How to take sustainable farming practices to scale?

An example with the ingenious composting units to restore soil fertility across 18,000 ha in the Livelihoods Araku #2 project in India

The Livelihoods-Araku #2 project in India aims at transitioning 18,000 ha to sustainable farming practices. Composting will be one of the key practices that the farmers in the project will implement to restore soils with high-quality nutrients to improve its fertility and ability to retain water and sequester CO2. To meet the ambitions of the Livelihoods-Araku #2 project, 900 tons of compost will be needed each year for the Sustainable Agriculture and Land Management (SALM) practices. The manure prepared by each farmer is insufficient to meet such a target. Moreover, the on-farm composting process is very labor-intensive and would add to the workload of the farmers. To make high-quality natural compost available for the 40,000 women and men farmers, the Naandi Foundation has designed large-scale compositing units with a very simple process and technology.

A simple technology deployed at a large scale

Biomass, from crop residues from farms and the abundant vegetation in the valley, is collected and brought to the composting unit. Microbial inoculants, micro-nutrients and dung are added to the biomass to get a compost much more superior in quality than the on-farm manure. Afterwards, a simple tractor attached with a turner machine regularly turns over the heaps of biomass to induce aerobic activity. The heaps are regularly watered to maintain adequate moisture. The repeated and sequential turning of biomass and watering ensures faster decomposition and hence quicker conversion to high quality compost as compared to manual composting.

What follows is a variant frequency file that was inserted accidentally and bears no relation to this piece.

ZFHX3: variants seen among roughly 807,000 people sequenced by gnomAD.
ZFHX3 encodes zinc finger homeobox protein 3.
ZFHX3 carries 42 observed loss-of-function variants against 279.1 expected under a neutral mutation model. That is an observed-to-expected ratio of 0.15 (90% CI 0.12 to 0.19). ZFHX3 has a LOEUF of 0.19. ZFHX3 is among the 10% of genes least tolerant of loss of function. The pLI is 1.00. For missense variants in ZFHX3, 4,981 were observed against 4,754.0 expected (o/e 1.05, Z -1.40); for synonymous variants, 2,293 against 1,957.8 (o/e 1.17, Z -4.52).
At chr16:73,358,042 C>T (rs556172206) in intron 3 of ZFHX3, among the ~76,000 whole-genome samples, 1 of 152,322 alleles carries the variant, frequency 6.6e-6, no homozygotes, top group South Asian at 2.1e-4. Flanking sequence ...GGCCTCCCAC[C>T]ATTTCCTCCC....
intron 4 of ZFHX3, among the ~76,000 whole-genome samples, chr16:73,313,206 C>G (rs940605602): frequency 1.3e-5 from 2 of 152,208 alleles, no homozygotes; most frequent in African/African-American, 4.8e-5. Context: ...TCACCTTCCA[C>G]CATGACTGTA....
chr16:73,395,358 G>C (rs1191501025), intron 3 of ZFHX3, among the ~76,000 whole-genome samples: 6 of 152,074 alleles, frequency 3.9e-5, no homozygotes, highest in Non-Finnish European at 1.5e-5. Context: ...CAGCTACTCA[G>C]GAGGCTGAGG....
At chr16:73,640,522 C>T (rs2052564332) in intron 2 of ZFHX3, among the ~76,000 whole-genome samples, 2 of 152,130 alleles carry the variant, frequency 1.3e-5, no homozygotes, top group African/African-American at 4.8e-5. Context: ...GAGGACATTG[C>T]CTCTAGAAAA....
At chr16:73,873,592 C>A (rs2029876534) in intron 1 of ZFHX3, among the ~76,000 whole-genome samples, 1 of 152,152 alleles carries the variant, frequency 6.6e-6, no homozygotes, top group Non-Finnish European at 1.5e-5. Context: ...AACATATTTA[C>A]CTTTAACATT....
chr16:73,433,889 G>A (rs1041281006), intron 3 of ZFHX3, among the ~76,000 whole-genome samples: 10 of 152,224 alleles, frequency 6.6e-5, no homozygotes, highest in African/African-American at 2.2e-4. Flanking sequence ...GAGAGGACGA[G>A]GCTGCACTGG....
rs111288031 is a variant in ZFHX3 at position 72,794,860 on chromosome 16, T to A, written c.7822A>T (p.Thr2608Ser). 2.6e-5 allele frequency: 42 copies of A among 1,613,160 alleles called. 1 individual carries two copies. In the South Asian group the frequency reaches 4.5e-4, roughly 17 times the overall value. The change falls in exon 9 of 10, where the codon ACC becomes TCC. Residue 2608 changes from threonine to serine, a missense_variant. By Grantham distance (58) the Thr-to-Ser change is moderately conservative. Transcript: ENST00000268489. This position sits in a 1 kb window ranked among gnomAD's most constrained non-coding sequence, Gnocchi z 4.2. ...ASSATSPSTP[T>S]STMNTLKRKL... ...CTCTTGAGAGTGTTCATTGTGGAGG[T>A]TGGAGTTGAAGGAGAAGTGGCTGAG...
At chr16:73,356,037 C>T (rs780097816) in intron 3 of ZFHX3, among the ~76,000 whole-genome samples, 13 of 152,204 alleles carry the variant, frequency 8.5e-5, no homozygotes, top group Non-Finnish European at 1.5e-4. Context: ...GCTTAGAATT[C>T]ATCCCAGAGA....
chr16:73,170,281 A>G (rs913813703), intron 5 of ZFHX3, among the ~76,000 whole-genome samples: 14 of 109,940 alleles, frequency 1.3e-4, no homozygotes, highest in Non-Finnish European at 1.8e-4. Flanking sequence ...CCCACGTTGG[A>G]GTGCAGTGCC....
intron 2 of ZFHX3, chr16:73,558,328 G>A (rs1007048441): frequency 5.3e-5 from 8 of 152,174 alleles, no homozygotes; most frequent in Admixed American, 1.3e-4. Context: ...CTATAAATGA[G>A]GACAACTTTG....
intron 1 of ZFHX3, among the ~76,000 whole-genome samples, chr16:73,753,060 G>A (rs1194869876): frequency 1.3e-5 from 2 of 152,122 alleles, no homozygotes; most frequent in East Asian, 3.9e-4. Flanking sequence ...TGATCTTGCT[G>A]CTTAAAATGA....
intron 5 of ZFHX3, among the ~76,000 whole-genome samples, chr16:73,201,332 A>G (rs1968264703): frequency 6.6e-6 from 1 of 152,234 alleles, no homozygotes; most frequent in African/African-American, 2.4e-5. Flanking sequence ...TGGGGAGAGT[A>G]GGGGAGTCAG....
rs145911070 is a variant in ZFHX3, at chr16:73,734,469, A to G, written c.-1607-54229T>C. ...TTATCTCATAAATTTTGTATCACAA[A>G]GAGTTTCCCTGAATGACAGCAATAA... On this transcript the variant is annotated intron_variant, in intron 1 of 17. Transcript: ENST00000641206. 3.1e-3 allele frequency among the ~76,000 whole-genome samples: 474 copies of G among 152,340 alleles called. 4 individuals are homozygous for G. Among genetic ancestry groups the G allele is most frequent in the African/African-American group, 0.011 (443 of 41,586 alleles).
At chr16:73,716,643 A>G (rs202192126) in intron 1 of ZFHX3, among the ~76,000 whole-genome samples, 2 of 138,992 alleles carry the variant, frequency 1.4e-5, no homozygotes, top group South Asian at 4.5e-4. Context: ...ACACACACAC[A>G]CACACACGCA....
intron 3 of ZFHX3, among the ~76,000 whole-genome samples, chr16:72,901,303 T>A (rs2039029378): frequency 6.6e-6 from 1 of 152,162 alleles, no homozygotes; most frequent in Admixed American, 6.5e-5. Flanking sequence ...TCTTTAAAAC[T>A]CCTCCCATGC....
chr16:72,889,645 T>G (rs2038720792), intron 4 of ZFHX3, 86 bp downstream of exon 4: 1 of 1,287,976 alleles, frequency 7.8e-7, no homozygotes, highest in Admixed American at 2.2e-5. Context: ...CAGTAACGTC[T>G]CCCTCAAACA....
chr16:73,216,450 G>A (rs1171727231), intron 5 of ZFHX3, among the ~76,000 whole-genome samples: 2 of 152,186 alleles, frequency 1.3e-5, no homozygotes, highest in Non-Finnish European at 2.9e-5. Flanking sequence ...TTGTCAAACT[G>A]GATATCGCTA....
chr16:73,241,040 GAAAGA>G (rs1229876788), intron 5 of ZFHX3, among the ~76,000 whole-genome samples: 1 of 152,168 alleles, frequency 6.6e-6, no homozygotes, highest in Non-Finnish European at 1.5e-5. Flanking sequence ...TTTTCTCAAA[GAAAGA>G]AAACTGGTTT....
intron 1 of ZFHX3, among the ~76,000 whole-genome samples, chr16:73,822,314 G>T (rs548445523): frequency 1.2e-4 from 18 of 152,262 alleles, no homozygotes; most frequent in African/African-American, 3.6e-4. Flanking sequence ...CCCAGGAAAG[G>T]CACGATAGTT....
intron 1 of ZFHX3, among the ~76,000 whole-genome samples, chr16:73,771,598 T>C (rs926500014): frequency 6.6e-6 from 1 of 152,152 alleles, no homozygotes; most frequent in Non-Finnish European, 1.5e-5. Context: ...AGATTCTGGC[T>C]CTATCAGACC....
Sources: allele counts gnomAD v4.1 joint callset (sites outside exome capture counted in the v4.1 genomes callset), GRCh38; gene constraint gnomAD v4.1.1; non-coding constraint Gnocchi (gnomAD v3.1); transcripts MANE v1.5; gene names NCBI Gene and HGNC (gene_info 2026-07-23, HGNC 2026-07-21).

A tractor turns over the heaps of biomass to enhance composting process

Heaps of high-quality compost

Making the compost available to everyone everywhere in the valley

In addition to providing farmers with large quantities of high-quality composts, these units bring many advantages to the communities. The units are cost-efficient as many villages can mutualize one composting unit and share the machinery and labor which can be moved from one unit to the other. As there is an abundance of biomass in the valley, the raw material needed is easily available and at a very low collection cost as the units will be very close to the villages. With the compositing units, all farmers will have access to the same high-quality compost, making the replication of the SALM practices at large-scale easier.

Creating new job opportunities for the youth

The compositing units will be implemented in partnership with “The Small and Marginal Tribal Farmers Tribal Aided Cooperative” (SAMTFMACS) which already manages the production and sale of Araku Coffee in the valley. The production, packaging and transport of the packaged compost will create local jobs at the SAMTFMACS for youths.

Moreover, bio-centers to produce “Cow Pat Pit”, an organic fertilizer, as well as fruit-tree and forestry nurseries will be developed. Nearly 9 million saplings will be needed to meet the Livelihoods-Araku #2 targets. The project will support young local entrepreneurs to engage in these activities to provide them with long-term revenues.